had a desperate quarrel about a week before it came
off, and Goff was turned away at an hour's notice, and
came straight to me. When the deed was done, and
the marriage could not be prevented, he was my
right hand in my plans, for he knew all the ins and
outs of Edward Vivian's life, and was as much his
enemy as I was ; why, — he didn't tell me then, but
I found out afterwards. There was some question of



honesty pending. Goff was never very scrupulous,
and there were threats of inquiry into his doings.
But all that was nothing to me. I had got the man
I needed, and he had got the master who suited
him. We understood each other, and he was willing
to back me ; and so we started for England directly
upon the news of the marriage, I taking care not to
betray my disappointment, but still writing to Edward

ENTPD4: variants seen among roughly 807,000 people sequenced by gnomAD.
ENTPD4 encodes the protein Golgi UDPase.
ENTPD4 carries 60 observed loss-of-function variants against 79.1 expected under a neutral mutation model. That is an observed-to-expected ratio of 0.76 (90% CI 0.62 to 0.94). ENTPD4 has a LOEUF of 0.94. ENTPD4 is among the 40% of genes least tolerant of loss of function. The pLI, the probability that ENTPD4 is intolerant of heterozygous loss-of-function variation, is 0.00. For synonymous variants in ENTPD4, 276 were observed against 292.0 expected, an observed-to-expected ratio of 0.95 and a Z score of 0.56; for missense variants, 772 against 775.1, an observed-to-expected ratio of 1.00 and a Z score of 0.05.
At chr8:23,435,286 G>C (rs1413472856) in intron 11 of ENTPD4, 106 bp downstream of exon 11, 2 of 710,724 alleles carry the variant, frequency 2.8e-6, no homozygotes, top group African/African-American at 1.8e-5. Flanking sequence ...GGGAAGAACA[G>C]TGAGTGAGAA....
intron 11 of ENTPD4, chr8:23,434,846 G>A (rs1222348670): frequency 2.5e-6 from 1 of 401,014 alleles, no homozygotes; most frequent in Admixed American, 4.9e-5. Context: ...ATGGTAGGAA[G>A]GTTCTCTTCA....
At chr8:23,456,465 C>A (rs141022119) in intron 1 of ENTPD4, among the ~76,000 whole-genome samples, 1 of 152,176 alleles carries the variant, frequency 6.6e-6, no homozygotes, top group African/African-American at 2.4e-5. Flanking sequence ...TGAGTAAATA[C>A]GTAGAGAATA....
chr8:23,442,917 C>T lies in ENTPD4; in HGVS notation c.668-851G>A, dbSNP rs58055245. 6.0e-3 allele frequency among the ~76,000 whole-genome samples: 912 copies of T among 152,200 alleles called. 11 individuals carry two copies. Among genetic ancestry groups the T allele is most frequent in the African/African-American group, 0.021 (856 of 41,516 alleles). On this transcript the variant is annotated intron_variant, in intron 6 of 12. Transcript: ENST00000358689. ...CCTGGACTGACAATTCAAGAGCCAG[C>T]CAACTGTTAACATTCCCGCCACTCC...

to trust me and I would put all straight with the

A groan was uttered by Eon aid.

Captain Vivian laughed faintly. " Tut ! lad, cheer
up. You don't understand such matters. Well for
you ! perhaps. But a man who means to carry out a
scheme musn't be scrupulous ; and you know it's all
gone by now. I was young then, and hot-headed, and
what I'd set my heart to do I would do. 'Twouldn't
be the same now. Cheer up," he repeated, as Ronald
still hid his face from him.

" Go on," was all he said ; and his father went on,
yet less carelessly than before. He was approaching
that part of his story where even his hardened spirit
shrank from the confession of its guilt.

" We came to England, and saw the General ; and
there was a long talk about the marriage and the money